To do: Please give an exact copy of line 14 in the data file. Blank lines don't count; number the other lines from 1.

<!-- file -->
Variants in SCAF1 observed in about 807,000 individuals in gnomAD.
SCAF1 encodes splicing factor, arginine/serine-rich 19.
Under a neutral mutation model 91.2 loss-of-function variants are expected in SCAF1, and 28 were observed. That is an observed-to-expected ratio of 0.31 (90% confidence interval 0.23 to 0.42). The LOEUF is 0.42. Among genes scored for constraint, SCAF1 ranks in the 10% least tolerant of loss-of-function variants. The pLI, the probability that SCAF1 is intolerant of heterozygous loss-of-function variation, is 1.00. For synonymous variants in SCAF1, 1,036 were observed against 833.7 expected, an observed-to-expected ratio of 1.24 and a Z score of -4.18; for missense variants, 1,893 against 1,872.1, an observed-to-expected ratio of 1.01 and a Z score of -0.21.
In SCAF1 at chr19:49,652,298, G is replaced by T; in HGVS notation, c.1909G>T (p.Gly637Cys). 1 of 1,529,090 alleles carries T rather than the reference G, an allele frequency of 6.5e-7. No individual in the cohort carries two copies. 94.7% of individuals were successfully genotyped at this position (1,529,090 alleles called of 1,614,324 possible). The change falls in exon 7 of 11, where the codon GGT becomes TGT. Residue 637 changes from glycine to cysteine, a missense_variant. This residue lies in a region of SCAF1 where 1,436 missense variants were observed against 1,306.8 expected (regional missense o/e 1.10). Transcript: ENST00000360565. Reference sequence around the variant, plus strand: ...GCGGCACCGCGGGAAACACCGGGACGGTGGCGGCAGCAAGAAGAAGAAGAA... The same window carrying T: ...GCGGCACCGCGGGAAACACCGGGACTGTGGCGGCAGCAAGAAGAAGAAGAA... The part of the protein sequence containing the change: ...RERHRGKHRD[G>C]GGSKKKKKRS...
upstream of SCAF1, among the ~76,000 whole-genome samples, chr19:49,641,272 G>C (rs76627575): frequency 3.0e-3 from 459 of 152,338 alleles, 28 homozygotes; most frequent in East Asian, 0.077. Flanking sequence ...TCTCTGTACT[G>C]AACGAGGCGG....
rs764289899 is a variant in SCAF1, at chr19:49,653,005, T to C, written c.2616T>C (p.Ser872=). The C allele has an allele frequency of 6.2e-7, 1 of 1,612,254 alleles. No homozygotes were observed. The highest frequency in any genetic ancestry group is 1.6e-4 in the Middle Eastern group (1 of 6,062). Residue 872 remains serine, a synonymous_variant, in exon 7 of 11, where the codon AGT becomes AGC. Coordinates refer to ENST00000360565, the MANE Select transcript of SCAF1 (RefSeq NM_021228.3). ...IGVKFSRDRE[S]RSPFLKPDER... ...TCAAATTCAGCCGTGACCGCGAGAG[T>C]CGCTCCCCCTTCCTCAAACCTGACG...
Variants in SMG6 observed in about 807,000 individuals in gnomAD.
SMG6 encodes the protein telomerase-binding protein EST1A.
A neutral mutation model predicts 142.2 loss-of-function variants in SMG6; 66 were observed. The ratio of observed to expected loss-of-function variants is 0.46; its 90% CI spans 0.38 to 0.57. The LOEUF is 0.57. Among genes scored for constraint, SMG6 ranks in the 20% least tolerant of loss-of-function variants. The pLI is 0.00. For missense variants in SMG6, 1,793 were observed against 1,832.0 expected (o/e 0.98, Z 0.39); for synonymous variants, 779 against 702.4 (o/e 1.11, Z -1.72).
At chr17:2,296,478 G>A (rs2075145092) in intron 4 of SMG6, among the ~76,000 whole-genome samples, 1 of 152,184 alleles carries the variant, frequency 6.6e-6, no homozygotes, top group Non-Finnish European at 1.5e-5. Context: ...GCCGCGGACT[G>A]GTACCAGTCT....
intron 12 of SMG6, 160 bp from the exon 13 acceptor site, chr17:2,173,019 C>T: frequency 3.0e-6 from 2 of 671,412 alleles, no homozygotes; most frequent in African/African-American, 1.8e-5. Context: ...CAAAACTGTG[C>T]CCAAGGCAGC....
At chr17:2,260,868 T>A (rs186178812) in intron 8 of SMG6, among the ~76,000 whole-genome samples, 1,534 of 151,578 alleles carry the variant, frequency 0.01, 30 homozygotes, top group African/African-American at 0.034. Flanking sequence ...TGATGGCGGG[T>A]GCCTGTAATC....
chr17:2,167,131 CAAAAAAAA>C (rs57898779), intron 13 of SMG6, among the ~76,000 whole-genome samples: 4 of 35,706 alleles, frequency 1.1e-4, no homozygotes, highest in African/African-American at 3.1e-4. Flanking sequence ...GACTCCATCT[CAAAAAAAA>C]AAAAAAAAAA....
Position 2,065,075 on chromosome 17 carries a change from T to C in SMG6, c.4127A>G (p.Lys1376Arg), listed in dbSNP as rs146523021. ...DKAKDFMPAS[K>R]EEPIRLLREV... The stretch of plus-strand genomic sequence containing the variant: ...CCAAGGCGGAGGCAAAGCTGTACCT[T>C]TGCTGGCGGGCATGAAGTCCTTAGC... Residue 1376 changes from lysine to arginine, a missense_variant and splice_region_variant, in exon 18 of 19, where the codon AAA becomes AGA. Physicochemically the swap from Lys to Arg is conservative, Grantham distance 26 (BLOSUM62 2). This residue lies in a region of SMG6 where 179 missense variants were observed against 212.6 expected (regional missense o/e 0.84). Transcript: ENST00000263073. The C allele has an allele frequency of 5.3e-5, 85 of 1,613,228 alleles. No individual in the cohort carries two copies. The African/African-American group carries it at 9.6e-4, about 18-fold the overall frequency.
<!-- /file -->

Position 2,065,075 on chromosome 17 carries a change from T to C in SMG6, c.4127A>G (p.Lys1376Arg), listed in dbSNP as rs146523021. ...DKAKDFMPAS[K>R]EEPIRLLREV... The stretch of plus-strand genomic sequence containing the variant: ...CCAAGGCGGAGGCAAAGCTGTACCT[T>C]TGCTGGCGGGCATGAAGTCCTTAGC... Residue 1376 changes from lysine to arginine, a missense_variant and splice_region_variant, in exon 18 of 19, where the codon AAA becomes AGA. Physicochemically the swap from Lys to Arg is conservative, Grantham distance 26 (BLOSUM62 2). This residue lies in a region of SMG6 where 179 missense variants were observed against 212.6 expected (regional missense o/e 0.84). Transcript: ENST00000263073. The C allele has an allele frequency of 5.3e-5, 85 of 1,613,228 alleles. No individual in the cohort carries two copies. The African/African-American group carries it at 9.6e-4, about 18-fold the overall frequency.